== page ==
The term "lawyer" and "attorney" are often used interchangeably that this practice has become widely accepted among English speakers. If these words mean the same thing, then why aren't all lawyers called attorneys?
While the general public treats both terms as synonymous, the American Bar Association (ABA) draws a fine line between the two. Even with a minor difference, the ABA treats this detail as a discerning factor in separating the licensed from the unlicensed.
The term "lawyer" refers to anyone who has studied the law but doesn't necessarily practice it. In fact, an entrepreneur with some knowledge of business law may pass himself off as a lawyer but is hardly the go-to guy for legal representation. A lawyer must pass the bar exam to legally practice law and is otherwise limited in giving general legal advice.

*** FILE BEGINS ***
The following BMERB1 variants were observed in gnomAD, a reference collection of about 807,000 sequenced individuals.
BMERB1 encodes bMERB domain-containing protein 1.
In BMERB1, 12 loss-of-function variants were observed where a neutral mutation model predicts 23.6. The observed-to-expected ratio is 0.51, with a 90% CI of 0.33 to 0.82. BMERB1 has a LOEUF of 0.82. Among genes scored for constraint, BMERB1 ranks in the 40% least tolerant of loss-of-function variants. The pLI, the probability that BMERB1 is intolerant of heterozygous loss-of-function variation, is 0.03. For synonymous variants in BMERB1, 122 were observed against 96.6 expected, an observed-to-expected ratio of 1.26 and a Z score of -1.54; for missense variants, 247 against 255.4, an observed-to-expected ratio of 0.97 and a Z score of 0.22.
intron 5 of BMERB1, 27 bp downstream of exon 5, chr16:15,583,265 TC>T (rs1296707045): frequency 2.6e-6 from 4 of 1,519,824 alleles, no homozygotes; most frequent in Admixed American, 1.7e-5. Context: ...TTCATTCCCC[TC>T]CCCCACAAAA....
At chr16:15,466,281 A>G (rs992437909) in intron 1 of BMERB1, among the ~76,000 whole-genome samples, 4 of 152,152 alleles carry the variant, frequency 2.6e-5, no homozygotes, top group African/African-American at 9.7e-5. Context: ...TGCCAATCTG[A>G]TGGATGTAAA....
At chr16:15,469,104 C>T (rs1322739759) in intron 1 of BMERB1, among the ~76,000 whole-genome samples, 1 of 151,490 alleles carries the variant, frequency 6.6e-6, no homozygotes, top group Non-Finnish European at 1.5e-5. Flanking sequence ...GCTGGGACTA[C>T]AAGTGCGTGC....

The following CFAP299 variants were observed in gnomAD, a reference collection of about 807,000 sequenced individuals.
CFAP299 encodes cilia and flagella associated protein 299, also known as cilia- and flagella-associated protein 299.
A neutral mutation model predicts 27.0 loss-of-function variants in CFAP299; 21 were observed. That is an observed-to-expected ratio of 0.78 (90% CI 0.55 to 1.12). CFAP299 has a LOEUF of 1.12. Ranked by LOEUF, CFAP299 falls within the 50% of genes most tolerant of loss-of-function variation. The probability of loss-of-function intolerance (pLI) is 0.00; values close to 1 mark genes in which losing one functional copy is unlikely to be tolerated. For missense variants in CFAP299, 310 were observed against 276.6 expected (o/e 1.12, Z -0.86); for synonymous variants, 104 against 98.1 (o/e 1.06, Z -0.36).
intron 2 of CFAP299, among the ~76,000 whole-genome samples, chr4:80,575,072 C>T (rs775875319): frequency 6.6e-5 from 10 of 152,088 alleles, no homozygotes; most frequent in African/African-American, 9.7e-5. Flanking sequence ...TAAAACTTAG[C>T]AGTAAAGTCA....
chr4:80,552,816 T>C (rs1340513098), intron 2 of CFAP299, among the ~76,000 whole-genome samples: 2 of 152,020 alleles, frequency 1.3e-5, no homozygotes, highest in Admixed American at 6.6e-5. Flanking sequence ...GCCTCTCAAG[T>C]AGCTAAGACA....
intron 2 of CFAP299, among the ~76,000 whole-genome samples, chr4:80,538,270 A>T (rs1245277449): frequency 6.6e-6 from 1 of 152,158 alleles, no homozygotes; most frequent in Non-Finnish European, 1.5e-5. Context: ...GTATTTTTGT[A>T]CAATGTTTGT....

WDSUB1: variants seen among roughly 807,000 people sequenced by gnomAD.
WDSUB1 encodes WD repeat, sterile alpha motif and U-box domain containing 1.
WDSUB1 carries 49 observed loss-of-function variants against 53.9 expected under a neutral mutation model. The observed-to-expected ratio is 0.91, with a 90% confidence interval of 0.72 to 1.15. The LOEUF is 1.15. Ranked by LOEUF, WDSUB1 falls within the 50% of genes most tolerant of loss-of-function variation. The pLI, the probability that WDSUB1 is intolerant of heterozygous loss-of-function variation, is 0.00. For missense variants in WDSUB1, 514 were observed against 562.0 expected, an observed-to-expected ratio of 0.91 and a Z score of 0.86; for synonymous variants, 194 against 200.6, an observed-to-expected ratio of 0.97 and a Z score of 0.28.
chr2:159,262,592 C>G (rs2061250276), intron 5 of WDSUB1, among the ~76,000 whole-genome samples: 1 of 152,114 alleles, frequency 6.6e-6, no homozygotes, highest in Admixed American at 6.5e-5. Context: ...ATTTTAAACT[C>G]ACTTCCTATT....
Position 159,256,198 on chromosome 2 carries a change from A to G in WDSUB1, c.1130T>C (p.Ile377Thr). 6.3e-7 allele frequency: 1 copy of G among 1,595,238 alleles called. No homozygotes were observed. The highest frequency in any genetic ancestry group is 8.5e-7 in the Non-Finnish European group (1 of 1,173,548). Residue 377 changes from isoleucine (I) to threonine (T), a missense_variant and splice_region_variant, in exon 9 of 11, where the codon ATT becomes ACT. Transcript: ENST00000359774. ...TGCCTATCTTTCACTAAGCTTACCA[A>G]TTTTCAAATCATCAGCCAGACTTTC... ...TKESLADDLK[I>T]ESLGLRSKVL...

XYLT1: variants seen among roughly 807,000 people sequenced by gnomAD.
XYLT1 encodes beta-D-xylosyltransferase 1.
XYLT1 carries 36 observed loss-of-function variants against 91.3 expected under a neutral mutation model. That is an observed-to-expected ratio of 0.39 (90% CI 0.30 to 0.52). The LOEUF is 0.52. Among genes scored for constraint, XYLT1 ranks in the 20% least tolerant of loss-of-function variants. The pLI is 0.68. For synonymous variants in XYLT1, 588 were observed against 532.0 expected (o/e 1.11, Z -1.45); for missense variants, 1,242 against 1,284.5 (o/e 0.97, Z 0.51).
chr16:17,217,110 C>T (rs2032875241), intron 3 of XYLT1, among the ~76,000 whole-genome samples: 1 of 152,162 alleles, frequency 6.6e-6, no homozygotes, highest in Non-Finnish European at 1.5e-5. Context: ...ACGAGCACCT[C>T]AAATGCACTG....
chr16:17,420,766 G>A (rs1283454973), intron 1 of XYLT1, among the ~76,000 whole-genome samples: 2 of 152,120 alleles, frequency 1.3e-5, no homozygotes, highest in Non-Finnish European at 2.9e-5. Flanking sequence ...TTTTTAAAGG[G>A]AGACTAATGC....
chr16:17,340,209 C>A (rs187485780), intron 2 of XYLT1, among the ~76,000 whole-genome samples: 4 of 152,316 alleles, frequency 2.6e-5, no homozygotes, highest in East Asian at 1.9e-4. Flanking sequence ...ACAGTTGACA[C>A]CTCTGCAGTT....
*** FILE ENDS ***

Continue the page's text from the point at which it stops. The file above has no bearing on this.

On the other hand, the ABA prefers the term "attorney" when referring to a duly licensed lawyer. First coined in 1768, an attorney-at-law is one who has passed the bar exam and met other requirements to practice in his chosen field. When looking for someone to legally represent you in a case, look for an attorney.
The term "lawyer," at any rate, is more encompassing. Attorneys are basically all lawyers (as they know law), but lawyers aren't necessarily attorneys (not all of them are attorneys by profession).